The RIFT No Deal Checklist
With the threat of a no deal Brexit seemingly looming larger, obviously we all hope for sanity to prevail. Nevertheless it’s a good idea to make some personal preparations for a no deal scenario in order to put yourself in the best possible situation should the worst happen. Here are some ideas.
That means you should:
- Make sure that you’ve submitted tax returns in France if you’ve been here long enough to do so (even if all your income comes from the UK);
- Make sure that you’re in the French health system and that you have an attestation of your rights even if you don’t yet have a Carte Vitale. Download a new attestation from the AMELI website in February or early March 2019, just in case.
- Apply for a Carte de Séjour under current rules. This will evidence the date of your arrival in France and give you proof that you were legally resident on 29 March 2019. This may be like gold dust in the case of a no deal exit, and if there is a Withdrawal Agreement it will help you benefit from a streamlined process to receive a new card if necessary under post-Brexit rules.
2. Create, and keep up to date, a dossier as if you’re applying for a Carte de Séjour. In particular:
- Collate all your Avis d’Imposition since you arrived in France. You may need them to prove the length of your residence. You can download them and print them out from within your account at impots.gouv.fr. Alternatively request a ‘bordereau de situation fiscale’ from your tax office for each year of your residence. You can do this online, in your account at impots.gouv.fr, by following these instructions.
- Put together a file of utility bills for at least 10 years if you can. This will prove your continued residence.
- If your name is not on the taxe foncière or taxe d’habitation bills for your household, or on any utility bills, get it added now.
- For women in particular: make sure that the name on bills, bank statements, pension statements, payslips etc matches the name on your passport if possible.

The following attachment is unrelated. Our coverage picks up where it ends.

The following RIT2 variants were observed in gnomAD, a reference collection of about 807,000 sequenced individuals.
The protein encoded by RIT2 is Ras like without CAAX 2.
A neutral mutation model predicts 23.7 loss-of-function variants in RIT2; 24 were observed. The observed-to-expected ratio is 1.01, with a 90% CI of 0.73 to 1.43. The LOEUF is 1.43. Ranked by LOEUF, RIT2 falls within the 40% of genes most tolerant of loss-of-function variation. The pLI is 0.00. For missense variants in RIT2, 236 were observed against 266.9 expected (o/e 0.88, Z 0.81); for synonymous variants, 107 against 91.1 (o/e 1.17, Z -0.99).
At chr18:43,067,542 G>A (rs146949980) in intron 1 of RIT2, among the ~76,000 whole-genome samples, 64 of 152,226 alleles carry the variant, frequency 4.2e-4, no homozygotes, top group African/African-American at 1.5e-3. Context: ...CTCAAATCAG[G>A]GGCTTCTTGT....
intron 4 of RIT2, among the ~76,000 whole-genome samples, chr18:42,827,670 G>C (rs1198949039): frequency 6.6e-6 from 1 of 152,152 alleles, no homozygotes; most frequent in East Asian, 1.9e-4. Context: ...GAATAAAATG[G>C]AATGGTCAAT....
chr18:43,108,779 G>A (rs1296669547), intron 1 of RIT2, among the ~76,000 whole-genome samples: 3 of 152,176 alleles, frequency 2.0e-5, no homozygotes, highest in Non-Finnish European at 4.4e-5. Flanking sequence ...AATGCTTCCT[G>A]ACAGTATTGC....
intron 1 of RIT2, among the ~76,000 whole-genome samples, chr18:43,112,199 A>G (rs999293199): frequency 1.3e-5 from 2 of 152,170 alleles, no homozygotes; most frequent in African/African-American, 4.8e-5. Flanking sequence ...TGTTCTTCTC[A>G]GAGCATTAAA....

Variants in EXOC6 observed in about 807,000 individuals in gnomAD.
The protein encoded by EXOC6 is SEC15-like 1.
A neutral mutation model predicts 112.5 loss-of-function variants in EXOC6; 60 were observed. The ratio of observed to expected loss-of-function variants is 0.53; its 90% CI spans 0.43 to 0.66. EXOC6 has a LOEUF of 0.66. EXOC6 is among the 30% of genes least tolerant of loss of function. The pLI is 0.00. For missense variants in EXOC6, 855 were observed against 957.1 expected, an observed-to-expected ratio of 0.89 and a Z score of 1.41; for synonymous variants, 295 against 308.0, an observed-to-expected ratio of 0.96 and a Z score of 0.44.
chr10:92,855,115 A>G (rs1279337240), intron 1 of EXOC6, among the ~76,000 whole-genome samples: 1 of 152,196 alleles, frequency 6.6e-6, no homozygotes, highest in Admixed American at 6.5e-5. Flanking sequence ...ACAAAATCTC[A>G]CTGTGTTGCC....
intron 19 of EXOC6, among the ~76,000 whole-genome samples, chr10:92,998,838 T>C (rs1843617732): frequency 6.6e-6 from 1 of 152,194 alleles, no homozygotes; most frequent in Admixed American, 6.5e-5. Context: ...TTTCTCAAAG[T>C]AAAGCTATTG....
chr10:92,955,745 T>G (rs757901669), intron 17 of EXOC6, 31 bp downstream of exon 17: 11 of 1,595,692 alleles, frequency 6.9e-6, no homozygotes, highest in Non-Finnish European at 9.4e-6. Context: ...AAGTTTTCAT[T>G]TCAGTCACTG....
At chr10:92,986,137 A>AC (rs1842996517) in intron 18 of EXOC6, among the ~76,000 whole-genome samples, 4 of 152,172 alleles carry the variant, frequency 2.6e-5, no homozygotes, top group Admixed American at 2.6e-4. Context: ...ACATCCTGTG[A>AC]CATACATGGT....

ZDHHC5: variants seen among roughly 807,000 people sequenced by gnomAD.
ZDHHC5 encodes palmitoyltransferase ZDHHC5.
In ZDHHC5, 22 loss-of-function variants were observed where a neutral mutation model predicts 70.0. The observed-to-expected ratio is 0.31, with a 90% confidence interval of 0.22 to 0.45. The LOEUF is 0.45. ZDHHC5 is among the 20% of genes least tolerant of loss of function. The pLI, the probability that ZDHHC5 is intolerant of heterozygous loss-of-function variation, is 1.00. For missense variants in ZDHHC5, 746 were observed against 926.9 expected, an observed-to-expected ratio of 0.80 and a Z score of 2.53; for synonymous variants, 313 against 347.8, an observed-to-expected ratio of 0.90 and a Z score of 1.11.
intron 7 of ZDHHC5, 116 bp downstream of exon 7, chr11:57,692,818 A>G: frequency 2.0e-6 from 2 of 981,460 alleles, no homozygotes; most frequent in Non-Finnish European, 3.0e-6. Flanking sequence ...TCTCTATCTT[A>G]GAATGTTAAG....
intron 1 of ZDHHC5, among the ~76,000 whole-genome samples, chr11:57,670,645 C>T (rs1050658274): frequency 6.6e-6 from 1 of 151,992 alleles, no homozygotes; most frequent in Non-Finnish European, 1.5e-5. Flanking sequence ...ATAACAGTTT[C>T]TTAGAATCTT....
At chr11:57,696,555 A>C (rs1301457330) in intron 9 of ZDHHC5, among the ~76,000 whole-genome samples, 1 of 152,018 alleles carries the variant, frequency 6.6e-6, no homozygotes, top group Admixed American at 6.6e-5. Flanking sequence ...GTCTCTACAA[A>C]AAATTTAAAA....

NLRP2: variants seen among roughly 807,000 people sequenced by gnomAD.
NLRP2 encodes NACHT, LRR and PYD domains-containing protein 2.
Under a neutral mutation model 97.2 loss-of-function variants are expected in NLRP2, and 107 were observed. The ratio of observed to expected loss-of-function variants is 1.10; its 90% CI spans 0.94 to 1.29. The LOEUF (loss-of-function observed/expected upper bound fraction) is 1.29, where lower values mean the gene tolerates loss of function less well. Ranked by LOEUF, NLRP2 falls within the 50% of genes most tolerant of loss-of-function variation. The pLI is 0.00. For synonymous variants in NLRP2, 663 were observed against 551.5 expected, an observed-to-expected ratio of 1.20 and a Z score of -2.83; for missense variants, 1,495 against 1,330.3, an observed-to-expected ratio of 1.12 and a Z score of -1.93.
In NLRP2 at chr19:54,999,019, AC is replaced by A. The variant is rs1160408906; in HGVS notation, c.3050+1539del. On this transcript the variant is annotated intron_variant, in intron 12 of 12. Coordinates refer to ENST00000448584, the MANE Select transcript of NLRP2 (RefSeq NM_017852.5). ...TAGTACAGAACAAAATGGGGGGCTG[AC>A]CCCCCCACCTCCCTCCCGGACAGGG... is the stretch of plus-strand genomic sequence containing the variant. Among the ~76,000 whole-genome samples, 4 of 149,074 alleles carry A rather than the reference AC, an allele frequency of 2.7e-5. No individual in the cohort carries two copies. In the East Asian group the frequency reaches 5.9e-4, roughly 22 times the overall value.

- Put together a file of bank statements, wage slips and/or pension statements for the last 5 years if you’ve lived here that long. Longer is even better – 10 years is best. You may need these to prove the stability and sufficiency of your resources.
3. Check your passport
- Make sure your passport will be valid for several months after 29 March 2019. If not, consider renewing it early.
4. Check your driving licence
- If you’re still using a UK driving licence, apply for a French licence now. It’s relatively straightforward and is now done online (so no queuing at your préfecture). A UK licence can be exchanged for a French licence without formality, except for a medical test for certain categories. It’s possible that UK licences will not be valid in the EU in the case of a no deal Brexit.
- Consider applying for an International Driving Permit if you regularly drive in the UK.
5. Think about moving money
- If you have bank accounts, savings or investments in the UK, consider moving them to France now. Sterling may drop suddenly in the case of a no deal exit; there may also be temporary problems moving money in and out of the EU.
6. Try to have a financial backstop
- If at all possible, try and make sure you have access to enough cash to see you through two or three months, especially if your income comes from the UK and is transferred monthly.
7. Consider your personal pension